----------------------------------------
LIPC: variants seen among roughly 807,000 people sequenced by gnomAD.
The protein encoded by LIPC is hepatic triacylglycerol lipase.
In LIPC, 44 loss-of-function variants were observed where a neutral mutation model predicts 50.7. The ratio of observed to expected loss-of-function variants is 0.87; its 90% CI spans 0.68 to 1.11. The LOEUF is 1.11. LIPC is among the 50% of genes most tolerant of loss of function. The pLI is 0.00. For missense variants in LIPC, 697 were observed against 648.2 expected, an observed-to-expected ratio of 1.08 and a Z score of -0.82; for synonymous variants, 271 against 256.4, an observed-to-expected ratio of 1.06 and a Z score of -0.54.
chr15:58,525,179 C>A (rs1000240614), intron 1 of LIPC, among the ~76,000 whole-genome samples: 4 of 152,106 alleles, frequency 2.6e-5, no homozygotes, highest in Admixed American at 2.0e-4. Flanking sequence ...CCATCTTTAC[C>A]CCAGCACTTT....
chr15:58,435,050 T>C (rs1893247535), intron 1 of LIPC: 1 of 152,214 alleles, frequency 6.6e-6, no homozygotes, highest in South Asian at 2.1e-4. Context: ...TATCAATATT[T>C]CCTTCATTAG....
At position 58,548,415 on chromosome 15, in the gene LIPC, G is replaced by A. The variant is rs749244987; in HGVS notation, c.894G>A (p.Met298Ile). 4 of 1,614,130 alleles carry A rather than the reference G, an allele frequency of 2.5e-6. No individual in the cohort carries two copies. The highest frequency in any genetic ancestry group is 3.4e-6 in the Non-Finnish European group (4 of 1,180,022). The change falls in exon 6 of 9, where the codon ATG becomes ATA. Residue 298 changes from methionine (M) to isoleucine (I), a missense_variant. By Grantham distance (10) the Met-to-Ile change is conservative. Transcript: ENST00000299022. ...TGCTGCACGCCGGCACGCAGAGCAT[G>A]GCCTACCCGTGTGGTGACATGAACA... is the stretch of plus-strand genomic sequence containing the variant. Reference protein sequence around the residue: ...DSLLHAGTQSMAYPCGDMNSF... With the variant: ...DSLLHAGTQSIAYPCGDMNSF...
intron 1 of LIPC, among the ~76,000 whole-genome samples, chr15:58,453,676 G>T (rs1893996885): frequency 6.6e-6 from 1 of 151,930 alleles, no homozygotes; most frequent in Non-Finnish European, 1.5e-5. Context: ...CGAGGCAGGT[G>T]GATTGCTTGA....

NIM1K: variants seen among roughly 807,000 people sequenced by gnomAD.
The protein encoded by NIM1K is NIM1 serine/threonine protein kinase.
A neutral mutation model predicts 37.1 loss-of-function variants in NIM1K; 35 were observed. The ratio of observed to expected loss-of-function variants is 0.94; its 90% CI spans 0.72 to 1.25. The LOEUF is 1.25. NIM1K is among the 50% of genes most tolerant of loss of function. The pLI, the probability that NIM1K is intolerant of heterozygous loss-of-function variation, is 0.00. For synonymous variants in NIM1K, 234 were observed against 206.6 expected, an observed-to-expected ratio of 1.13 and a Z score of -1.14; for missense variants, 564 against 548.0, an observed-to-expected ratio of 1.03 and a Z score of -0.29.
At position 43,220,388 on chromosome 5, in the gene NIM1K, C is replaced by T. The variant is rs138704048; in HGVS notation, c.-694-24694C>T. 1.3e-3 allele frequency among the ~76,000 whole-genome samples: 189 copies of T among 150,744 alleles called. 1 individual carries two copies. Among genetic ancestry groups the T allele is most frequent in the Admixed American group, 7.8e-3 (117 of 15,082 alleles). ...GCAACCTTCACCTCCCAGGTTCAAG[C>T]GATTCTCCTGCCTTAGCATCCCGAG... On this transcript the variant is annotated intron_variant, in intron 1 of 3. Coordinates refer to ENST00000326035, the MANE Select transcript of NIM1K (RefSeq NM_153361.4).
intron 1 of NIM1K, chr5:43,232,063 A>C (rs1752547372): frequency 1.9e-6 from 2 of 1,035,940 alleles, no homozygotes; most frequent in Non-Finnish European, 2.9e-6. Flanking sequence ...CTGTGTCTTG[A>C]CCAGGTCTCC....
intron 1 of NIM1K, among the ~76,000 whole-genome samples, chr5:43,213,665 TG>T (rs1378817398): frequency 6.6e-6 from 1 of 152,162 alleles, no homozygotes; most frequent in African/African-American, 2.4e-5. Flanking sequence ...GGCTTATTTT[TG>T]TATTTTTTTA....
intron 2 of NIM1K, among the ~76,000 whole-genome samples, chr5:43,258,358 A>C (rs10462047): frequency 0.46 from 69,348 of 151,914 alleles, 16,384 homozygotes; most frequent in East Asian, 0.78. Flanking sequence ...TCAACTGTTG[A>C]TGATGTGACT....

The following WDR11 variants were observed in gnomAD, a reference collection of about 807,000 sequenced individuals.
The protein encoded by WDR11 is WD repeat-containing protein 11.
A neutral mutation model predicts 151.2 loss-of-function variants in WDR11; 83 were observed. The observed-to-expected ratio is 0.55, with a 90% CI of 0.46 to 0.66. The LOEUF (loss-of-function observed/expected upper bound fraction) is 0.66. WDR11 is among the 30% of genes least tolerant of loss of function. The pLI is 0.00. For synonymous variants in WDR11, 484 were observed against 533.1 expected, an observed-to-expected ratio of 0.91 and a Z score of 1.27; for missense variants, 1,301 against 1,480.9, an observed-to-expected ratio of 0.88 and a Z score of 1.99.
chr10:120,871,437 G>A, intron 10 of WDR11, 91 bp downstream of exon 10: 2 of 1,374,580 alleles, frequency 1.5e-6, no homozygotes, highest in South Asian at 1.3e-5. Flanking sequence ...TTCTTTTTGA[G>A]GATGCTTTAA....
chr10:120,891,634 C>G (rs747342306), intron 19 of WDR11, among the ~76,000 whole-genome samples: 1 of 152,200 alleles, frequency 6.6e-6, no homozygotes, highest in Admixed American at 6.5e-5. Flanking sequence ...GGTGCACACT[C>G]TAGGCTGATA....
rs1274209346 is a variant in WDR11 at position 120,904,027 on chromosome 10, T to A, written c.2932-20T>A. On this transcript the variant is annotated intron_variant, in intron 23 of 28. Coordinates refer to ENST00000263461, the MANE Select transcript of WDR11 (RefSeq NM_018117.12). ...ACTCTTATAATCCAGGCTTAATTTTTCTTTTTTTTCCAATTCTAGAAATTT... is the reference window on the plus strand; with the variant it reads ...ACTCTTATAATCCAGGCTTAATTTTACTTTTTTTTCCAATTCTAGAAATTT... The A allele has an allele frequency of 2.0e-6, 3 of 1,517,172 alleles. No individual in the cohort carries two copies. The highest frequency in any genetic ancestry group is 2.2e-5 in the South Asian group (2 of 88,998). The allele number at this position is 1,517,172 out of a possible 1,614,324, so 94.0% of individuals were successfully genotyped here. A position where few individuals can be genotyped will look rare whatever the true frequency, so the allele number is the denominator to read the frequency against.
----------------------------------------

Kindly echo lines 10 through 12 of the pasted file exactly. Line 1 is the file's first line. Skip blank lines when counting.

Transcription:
A neutral mutation model predicts 37.1 loss-of-function variants in NIM1K; 35 were observed. The ratio of observed to expected loss-of-function variants is 0.94; its 90% CI spans 0.72 to 1.25. The LOEUF is 1.25. NIM1K is among the 50% of genes most tolerant of loss of function. The pLI, the probability that NIM1K is intolerant of heterozygous loss-of-function variation, is 0.00. For synonymous variants in NIM1K, 234 were observed against 206.6 expected, an observed-to-expected ratio of 1.13 and a Z score of -1.14; for missense variants, 564 against 548.0, an observed-to-expected ratio of 1.03 and a Z score of -0.29.
At position 43,220,388 on chromosome 5, in the gene NIM1K, C is replaced by T. The variant is rs138704048; in HGVS notation, c.-694-24694C>T. 1.3e-3 allele frequency among the ~76,000 whole-genome samples: 189 copies of T among 150,744 alleles called. 1 individual carries two copies. Among genetic ancestry groups the T allele is most frequent in the Admixed American group, 7.8e-3 (117 of 15,082 alleles). ...GCAACCTTCACCTCCCAGGTTCAAG[C>T]GATTCTCCTGCCTTAGCATCCCGAG... On this transcript the variant is annotated intron_variant, in intron 1 of 3. Coordinates refer to ENST00000326035, the MANE Select transcript of NIM1K (RefSeq NM_153361.4).
intron 1 of NIM1K, chr5:43,232,063 A>C (rs1752547372): frequency 1.9e-6 from 2 of 1,035,940 alleles, no homozygotes; most frequent in Non-Finnish European, 2.9e-6. Flanking sequence ...CTGTGTCTTG[A>C]CCAGGTCTCC....